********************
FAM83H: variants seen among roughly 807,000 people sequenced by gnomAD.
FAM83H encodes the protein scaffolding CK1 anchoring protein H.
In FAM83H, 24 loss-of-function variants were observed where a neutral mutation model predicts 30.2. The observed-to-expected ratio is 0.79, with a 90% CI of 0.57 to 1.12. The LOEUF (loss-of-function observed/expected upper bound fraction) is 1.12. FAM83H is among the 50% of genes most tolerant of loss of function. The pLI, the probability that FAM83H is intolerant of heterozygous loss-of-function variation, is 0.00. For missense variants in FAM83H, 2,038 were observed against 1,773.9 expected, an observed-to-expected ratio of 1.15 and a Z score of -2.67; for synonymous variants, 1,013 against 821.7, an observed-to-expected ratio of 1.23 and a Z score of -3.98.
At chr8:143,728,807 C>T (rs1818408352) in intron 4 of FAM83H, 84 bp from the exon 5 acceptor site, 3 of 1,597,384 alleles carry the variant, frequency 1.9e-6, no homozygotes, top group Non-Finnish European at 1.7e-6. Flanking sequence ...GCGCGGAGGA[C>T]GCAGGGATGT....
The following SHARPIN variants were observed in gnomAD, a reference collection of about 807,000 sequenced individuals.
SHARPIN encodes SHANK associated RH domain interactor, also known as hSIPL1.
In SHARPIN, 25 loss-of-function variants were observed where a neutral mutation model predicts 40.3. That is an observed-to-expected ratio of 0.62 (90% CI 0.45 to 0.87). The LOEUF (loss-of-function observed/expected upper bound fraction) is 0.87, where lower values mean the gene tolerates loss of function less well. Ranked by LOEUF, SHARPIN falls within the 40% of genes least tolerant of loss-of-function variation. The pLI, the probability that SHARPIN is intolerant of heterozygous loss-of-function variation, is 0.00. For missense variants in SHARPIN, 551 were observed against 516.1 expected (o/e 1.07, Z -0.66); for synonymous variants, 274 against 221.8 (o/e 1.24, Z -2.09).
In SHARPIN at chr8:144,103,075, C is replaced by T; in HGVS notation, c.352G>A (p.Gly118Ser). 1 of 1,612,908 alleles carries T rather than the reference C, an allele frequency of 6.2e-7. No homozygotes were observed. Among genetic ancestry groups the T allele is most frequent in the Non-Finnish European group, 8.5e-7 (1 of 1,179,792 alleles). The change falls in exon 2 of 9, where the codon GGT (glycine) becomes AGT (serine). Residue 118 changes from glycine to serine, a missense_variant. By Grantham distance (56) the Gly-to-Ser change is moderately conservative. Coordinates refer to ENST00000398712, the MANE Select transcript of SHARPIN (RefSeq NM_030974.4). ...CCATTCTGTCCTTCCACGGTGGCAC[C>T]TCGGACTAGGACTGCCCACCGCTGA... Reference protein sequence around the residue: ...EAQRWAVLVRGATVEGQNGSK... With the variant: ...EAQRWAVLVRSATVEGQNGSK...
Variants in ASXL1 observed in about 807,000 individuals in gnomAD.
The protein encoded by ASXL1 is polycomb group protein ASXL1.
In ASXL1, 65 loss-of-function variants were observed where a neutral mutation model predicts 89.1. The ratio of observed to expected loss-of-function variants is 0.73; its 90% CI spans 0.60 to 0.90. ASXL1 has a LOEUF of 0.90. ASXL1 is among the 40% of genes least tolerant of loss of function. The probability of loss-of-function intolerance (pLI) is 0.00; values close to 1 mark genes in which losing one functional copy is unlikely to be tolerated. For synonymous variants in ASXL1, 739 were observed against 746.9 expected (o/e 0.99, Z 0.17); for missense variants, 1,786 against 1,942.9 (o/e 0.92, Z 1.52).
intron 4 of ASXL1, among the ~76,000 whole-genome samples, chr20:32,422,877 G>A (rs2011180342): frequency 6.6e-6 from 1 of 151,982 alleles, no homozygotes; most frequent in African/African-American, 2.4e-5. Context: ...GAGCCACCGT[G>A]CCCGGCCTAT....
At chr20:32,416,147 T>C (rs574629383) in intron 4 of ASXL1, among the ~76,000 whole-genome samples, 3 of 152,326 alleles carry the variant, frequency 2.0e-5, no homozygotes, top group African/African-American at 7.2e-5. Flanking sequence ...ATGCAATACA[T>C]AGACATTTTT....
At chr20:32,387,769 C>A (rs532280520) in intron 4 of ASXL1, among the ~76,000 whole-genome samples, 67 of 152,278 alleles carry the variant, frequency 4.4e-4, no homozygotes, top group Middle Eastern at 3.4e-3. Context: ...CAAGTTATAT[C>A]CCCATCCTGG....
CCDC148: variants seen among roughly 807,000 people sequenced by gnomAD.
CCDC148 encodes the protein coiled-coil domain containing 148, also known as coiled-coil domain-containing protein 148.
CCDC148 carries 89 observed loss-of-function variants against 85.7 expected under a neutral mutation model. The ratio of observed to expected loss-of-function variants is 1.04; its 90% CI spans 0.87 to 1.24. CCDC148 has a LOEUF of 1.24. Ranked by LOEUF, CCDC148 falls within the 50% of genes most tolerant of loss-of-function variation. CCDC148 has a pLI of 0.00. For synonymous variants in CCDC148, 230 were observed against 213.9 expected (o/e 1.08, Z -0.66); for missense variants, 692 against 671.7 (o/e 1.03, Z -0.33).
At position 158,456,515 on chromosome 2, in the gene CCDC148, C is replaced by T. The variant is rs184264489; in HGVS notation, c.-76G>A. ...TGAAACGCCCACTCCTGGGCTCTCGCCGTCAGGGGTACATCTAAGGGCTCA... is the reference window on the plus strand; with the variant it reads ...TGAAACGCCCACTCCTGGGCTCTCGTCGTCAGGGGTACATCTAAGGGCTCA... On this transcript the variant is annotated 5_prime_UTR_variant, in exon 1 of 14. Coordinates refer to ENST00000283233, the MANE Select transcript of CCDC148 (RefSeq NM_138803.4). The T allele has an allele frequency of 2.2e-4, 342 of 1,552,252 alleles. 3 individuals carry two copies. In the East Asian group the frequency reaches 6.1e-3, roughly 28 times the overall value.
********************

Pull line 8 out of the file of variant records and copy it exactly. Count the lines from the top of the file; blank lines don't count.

In SHARPIN at chr8:144,103,075, C is replaced by T; in HGVS notation, c.352G>A (p.Gly118Ser). 1 of 1,612,908 alleles carries T rather than the reference C, an allele frequency of 6.2e-7. No homozygotes were observed. Among genetic ancestry groups the T allele is most frequent in the Non-Finnish European group, 8.5e-7 (1 of 1,179,792 alleles). The change falls in exon 2 of 9, where the codon GGT (glycine) becomes AGT (serine). Residue 118 changes from glycine to serine, a missense_variant. By Grantham distance (56) the Gly-to-Ser change is moderately conservative. Coordinates refer to ENST00000398712, the MANE Select transcript of SHARPIN (RefSeq NM_030974.4). ...CCATTCTGTCCTTCCACGGTGGCAC[C>T]TCGGACTAGGACTGCCCACCGCTGA... Reference protein sequence around the residue: ...EAQRWAVLVRGATVEGQNGSK... With the variant: ...EAQRWAVLVRSATVEGQNGSK...